October 28, 2015 / 6:42 PM / in 3 years

Iceland agrees steps for failed banks before lifting capital controls

COPENHAGEN, Oct 28 (Reuters) - Iceland’s central bank and finance ministry said on Wednesday they had agreed in principle to proposals from the three failed banks that precipitated a financial meltdown in 2008 on how they wind down their businesses ahead of lifting capital controls.

The North Atlantic island imposed the controls to cap currency outflows from the country, especially once creditors of failed banks started to collect their debt, and manage the Icelandic crown’s movements.

Iceland is concerned lifting controls could prompt a massive outflow of capital and destabilise again the crown currency.

Among the measures agreed to ensure that did not happen was a demand that creditors of the failed banks either pay a 39 percent “exit” tax on money they may take out in the future or that they make a “stability contribution”.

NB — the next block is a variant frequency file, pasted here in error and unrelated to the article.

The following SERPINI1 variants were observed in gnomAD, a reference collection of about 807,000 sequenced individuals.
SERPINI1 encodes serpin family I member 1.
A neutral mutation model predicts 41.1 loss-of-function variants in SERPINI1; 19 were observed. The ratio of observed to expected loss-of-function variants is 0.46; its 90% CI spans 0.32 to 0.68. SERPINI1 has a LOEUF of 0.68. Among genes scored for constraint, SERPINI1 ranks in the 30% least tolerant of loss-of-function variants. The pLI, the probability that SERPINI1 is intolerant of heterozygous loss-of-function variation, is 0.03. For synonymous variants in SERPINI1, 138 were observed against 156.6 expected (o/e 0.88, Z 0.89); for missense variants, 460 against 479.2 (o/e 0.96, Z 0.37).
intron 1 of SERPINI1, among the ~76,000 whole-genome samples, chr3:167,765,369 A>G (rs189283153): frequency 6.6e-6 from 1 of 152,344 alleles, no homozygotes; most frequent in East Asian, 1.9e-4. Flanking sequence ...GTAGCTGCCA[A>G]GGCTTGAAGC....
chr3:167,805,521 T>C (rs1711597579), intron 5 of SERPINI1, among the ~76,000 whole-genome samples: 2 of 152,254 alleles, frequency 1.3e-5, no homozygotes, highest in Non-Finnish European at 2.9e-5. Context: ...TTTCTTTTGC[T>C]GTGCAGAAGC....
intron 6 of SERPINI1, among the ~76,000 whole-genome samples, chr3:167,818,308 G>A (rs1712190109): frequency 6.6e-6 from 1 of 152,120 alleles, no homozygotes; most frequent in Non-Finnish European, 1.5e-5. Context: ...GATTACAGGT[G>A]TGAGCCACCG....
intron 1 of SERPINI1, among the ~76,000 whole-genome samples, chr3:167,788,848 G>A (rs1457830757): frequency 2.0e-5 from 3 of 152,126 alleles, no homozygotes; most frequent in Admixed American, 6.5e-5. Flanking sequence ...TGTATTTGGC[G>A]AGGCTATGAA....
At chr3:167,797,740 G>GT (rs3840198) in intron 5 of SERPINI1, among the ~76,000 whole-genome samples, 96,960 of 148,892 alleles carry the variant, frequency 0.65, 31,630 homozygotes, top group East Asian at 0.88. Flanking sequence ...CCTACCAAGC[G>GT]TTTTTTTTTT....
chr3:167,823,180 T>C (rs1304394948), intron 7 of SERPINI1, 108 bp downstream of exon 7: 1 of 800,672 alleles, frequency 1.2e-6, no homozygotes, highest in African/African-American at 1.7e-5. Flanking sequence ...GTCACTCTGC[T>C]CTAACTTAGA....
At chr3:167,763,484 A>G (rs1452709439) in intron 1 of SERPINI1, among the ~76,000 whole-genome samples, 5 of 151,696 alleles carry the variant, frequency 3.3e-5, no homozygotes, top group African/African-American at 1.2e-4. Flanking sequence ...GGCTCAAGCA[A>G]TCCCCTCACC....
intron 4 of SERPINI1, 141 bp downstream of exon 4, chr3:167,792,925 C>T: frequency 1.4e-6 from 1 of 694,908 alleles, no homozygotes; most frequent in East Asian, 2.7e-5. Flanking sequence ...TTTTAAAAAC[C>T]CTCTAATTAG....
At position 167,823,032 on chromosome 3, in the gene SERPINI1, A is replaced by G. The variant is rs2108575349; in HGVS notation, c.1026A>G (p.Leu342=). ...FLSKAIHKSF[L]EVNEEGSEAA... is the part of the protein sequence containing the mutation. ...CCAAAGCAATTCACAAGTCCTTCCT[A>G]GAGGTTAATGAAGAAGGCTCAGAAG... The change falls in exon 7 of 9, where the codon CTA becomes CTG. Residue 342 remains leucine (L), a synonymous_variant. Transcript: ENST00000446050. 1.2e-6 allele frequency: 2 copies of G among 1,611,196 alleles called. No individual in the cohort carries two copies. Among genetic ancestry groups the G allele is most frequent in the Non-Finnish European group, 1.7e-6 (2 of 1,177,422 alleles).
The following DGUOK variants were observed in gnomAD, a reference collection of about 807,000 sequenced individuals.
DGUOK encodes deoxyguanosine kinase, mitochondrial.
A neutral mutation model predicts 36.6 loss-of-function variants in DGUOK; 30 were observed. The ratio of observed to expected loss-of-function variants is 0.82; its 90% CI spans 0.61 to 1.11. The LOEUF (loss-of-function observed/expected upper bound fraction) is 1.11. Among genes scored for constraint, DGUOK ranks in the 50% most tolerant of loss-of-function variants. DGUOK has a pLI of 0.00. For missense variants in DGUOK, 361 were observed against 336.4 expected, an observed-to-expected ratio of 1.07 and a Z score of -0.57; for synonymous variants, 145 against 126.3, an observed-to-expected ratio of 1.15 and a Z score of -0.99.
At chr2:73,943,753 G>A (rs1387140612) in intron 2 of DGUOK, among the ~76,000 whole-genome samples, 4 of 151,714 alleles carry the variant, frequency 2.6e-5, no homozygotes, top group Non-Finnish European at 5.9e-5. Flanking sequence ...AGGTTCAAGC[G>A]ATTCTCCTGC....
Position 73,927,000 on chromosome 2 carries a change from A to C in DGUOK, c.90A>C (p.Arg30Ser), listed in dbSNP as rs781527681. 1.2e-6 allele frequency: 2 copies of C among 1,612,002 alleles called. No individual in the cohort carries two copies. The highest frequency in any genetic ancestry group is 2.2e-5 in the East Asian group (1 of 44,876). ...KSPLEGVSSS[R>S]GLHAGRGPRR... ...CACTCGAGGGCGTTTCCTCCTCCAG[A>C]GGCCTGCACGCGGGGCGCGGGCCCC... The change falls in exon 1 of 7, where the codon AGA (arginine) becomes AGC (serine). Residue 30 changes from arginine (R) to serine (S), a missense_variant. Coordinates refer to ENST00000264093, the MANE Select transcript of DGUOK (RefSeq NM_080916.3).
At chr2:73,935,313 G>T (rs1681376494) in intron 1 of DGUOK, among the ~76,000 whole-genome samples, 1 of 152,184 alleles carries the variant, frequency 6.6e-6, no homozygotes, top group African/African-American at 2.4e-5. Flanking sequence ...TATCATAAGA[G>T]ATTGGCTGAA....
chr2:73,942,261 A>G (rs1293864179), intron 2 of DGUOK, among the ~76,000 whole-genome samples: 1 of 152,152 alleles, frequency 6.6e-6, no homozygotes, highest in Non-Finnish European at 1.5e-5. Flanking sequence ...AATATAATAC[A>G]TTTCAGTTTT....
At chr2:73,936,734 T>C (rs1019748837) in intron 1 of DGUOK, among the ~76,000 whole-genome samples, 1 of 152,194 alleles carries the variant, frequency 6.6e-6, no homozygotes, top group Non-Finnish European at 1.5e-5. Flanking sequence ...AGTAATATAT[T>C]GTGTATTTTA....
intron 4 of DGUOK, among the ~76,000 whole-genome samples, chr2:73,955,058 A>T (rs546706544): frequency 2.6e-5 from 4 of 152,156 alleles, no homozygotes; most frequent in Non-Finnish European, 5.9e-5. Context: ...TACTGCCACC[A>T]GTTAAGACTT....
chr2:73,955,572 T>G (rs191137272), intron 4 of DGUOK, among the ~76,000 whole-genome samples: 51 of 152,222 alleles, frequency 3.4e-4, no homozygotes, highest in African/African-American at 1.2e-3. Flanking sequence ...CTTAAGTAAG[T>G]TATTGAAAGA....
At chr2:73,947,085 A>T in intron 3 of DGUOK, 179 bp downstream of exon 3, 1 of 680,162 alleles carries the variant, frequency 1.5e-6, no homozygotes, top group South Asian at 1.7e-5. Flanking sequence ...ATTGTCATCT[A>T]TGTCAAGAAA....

Last week, Iceland said creditors of Glitnir bank proposed handing to the government their 95 percent stake in Islandsbanki, created out of the collapsed remnants of Glitnir and with equity of $1.48 billion, nationalising the bank.

Now, the central bank and the Finance Ministry said “stability contributions” worth 490 billion crowns ($3.8 billion) have been effectively offered by the three and that it considered these proposals as satisfactory.

Aside from Glitnir, the other two failed banks are Kaupthing, now known as Arion bank, and Landsbanki, now Landsbankinn — which operated the Icesave deposit scheme that caused a diplomatic furore between Iceland and Britain and the Netherlands when the banks went bust.

The government had given the estates of the banks until the end of the year to come up with their proposals but on Wednesday it said that deadline had been extended until March — in part to allow the bureaucratic process including votes in parliament, to run its course.

Reporting by Ragnhildur Sigurdardottir in Reykjavik; Writing by Sabina Zawadzki in Copenhagen; Editing by Alison Williams

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